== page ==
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Tuesday, April 1, 2014

Fascist Design--in Miami Beach

RST is pleased to once again have Paul Baxa, an outstanding scholar and interpreter of the Fascist experience, as a guest blogger.  Here, Baxa takes us through the Wolfsonian Museum in Miami Beach, currently (through May 18) hosting 3 exhibits on the Fascist era.  A smaller, fourth exhibit on Italo Balbo's air exploits, closes April 29.  Baxa is Associate Professor of History at Ave Maria University in Naples, Florida and the author of  (University of Toronto Press, Roads and Ruins: The Symbolic Landscape of Fascist Rome (20l0).  



Mural study, Antonio Santagata
Ferruccio Ferrazzi's Il Mito di Roma, 1940
For those interested in the intersection of Modernist design and twentieth-century politics, a visit to current exhibitions at the Wolfsonian Museum in Miami Beach cannot be missed.  This museum, run by Florida International University, was established by Mitchell Wolfson Jr. who collected documents and artifacts of modernism and was especially interested in materials that connected modernist design with totalitarian regimes.  As a result, there is a wealth of material from Fascist Italy.  I’ve had the good fortune of spending many hours in the Wolfsonian reading room this past fall and also to visit their three special exhibits pertaining to Italy:  The Birth of Rome; Rendering War: The Murals of A.G. Santagata; and Echoes and Origins: Italian Interwar Design.  All opened in the fall of 2013 and will close May 18, 2014. 

The Birth of Rome exhibit displays materials related to Mussolini’s attempts to revive ancient Rome in a Fascist mode.  On display are renderings of the E42 (EUR) as it might have been—including sketches of the never-to-be-built arch.*  Next to these are posters, sketches, and photographs of the Foro Mussolini and its sports complex.  Included are maquettes of statues from the Foro Mussolini designed by Eugenio Baroni.  The centerpiece of the exhibit is a massive detail for Ferruccio Ferrazzi’s tempera on paper drawing, Il Mito di Roma, designed in 1940. Spanning two floors of the Wolfsonian's atrium, the detail is an allegory of the Tiber River holding the twins with the she-wolf at its feet.  To be sure, Baroni and Ferrazzi were not star names of the interwar generation of artists but they figured prominently in the attempts to make a Fascist aesthetic.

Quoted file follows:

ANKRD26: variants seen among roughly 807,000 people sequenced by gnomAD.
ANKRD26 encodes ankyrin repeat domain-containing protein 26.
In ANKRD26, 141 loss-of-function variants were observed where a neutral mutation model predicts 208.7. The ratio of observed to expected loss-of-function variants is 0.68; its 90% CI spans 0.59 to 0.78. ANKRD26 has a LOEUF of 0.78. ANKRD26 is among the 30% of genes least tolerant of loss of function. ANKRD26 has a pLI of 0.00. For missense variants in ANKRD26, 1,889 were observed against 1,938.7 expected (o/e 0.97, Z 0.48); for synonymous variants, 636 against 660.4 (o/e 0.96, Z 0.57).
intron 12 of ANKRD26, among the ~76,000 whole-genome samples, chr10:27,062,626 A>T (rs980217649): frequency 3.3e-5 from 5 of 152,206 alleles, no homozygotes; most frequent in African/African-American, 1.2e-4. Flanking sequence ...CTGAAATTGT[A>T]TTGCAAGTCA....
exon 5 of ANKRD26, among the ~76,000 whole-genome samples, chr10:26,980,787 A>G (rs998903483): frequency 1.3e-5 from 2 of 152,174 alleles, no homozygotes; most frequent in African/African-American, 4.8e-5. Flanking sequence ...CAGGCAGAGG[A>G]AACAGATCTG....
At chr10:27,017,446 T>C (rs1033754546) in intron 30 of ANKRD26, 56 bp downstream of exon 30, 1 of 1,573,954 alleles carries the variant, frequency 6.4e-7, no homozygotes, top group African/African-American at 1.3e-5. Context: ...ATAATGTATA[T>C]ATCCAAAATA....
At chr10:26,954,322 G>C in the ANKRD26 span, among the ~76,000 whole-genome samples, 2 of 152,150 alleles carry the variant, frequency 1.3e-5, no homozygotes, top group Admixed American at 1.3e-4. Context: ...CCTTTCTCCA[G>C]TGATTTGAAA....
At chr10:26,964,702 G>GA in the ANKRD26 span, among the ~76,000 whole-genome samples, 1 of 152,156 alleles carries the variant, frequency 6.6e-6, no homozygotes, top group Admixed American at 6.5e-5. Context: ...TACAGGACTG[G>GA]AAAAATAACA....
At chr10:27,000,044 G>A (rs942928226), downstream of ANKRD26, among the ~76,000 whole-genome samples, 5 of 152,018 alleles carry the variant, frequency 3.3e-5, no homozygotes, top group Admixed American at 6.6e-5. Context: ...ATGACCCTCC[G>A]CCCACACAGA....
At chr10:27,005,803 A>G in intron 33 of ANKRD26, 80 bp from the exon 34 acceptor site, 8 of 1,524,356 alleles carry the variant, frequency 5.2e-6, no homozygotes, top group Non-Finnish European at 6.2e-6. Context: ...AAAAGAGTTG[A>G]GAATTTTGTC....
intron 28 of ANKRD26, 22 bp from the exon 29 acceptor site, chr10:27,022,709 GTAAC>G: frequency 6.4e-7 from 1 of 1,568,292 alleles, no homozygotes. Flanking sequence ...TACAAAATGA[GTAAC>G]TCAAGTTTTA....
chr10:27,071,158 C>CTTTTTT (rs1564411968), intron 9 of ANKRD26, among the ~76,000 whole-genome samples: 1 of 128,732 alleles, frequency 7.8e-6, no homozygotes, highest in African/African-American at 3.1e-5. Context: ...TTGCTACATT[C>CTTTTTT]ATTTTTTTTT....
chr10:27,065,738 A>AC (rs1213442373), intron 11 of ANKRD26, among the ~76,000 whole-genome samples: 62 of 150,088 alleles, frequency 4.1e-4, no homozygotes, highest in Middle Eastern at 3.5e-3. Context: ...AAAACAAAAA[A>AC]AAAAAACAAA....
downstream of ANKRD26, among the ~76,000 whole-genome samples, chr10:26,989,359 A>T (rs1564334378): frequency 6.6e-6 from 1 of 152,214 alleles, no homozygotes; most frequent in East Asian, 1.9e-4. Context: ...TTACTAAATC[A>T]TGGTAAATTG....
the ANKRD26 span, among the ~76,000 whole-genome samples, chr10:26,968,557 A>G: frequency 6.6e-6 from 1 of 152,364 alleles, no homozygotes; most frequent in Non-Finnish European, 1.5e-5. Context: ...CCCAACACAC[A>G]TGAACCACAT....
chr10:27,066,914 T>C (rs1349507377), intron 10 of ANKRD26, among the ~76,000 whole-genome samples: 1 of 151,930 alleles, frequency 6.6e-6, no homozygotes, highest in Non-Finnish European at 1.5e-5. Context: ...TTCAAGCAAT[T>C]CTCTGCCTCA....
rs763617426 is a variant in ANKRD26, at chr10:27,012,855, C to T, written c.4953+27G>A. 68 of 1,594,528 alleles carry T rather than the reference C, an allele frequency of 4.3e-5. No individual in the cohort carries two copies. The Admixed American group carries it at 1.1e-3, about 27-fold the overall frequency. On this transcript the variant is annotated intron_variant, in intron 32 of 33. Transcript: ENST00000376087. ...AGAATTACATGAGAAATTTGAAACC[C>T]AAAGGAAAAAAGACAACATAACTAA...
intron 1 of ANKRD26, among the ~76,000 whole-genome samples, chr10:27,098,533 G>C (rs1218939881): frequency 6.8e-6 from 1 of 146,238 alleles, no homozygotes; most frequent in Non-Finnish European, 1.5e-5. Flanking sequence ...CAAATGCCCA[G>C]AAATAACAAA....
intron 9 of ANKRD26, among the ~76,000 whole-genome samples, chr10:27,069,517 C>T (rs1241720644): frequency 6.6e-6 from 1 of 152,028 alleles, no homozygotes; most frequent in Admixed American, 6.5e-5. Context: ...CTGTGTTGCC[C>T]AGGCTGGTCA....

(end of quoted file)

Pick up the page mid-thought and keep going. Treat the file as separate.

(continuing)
Antonio Santagata.  Fascism looks back at the
Great War 




Off to the right of the Birth of Rome exhibit are several rooms filled with large-scale mural studies by Antonio G. Santagata.  These superb studies were designed for the walls of Marcello Piacentini’s Casa dei Mutilati in Rome (on the Tevere, sandwiched between the Palace of Justice and Hadrian's Castle).  The subjects of the murals all deal with the First World War and provide a glimpse of the myth of the Grande Guerra under Fascism. 





Up a floor, one finds the Echoes and Origins exhibit.  This is a perfect complement to the propaganda of the previous exhibits as it demonstrates another side of Fascist Italy—that of consumerism and style.  Here one finds vases and furniture by Giò Ponti, as well as exquisite cupboards by Gustavo Pulitzer Finali.  There is some wonderful kitsch here as well including a 
Fascist-inspired wall lamp
wall lamp designed as lictors rods.
  A magnificent La Cimbali espresso machine is one corner next to artifacts from the famous ocean liner Rex.  Posters advertising FIAT, chocolates and cruises are plastered on the wall.  This was another face of Fascist Italy—no less propagandistic than the Imperial Roman bluster but revealing a desire to create a modern, consumerist culture. 

The magic of the Wolfsonian exhibit is found not just in the materials on display but also in the mounting of the exhibits.  The curators create spaces that enhance the impact of the displays.  For example, the Birth of Rome exhibit is displayed in an all-white, minimalist space which emphasizes the Novecento (20th-century) style of the drawings.  In the Echoes and Origins space the visitor is greeted by a massive, amber-glass bowl and pedestal from the Fontana Arte group next to a pillar containing the famous, Futurist-style bust of Mussolini by Renato Bertelli. 

The effect of the exhibits is to immerse the visitor into the visions of the Fascist regime as interpreted by less famous artists and sculptors.  None of these artists had the fame of the likes of Piacentini, Terragni, Sironi et al, but they all in their own way contributed to the Fascist program of reviving Rome in a way that harmonized modernism with classicism.


Paul Baxa 



*  The arch for E42 was intended to span the multiple lanes of the via Cristoforo Colombo, a task that proved beyond the skills of Italian engineers at the time.  Many designs were offered, among them a poster rendering by architect Ludovico Quaroni (left), which closely resembled Eero Saarinen's winning entry in a 1948 competition to honor Thomas Jefferson's Louisiana Purchase--the design that in 1966 became the St. Louis Arch.  The site of the E42 arch is on Walk 2, "EUR: Mid-Century Spectacle," in RST's new guidebook, Modern Rome: 4 Great Walks for the Curious Traveler  (2014).  On the Quaroni/Saarinen controversy, see William Graebner, "Gateway to Empire: An Interpretation of Eero Saarinen's 1948 Design for the St. Louis Arch," Prospects: An Annual of American Cultural Studies, vol, 18 (1993).  Ed.

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